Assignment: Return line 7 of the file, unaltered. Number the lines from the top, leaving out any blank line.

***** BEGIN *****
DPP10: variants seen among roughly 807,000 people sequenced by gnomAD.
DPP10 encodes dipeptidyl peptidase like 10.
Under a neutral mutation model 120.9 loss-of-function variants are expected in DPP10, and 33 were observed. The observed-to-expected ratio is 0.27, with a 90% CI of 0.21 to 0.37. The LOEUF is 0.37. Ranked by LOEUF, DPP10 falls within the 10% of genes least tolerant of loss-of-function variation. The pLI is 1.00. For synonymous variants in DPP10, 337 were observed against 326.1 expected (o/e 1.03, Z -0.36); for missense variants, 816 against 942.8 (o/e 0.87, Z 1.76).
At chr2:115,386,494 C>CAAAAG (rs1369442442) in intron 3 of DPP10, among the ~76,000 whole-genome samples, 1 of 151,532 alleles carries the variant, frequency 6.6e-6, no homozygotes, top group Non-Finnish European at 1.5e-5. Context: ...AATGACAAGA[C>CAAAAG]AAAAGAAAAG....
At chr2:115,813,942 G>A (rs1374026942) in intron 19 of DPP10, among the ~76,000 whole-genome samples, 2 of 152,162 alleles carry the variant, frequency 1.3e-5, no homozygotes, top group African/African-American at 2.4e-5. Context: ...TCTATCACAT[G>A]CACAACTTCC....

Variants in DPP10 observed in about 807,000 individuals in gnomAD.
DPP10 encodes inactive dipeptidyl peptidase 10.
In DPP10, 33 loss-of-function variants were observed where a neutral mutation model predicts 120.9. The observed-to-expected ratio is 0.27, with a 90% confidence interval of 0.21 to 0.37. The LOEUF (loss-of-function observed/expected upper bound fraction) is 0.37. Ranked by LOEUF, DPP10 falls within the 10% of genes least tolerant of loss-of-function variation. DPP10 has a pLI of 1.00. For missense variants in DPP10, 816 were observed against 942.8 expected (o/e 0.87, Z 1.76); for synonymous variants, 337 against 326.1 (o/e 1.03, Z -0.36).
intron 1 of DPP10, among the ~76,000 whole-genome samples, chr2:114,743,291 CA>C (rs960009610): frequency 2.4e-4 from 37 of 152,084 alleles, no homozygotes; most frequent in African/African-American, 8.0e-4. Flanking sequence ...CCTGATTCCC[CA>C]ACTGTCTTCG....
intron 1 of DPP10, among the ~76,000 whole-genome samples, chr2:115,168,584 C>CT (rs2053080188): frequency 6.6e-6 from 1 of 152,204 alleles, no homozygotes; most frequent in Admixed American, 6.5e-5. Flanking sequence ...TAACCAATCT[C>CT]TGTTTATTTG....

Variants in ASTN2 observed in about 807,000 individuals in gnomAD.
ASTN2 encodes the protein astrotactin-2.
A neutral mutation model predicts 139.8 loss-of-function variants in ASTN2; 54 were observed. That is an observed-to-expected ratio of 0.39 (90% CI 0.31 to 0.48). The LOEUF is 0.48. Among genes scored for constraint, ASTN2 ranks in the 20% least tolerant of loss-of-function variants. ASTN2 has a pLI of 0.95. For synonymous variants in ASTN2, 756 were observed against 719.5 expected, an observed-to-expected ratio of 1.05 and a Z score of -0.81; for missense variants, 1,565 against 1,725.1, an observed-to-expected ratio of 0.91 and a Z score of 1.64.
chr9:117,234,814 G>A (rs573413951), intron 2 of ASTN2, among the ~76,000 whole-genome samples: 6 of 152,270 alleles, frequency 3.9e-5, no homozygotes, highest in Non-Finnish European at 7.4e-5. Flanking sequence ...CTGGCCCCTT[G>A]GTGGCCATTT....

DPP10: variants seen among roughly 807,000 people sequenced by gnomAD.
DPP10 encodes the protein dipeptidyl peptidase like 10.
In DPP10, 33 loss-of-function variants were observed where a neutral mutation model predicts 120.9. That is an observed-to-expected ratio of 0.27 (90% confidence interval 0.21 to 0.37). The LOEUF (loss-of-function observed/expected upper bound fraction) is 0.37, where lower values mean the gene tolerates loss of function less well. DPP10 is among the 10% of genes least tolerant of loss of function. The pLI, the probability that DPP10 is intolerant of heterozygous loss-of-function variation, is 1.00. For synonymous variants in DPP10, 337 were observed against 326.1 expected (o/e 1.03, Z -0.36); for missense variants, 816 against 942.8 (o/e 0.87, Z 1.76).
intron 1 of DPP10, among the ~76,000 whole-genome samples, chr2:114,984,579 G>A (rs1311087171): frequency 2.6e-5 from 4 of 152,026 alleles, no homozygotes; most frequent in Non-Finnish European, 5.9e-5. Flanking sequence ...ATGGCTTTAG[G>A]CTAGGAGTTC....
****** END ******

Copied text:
DPP10 encodes inactive dipeptidyl peptidase 10.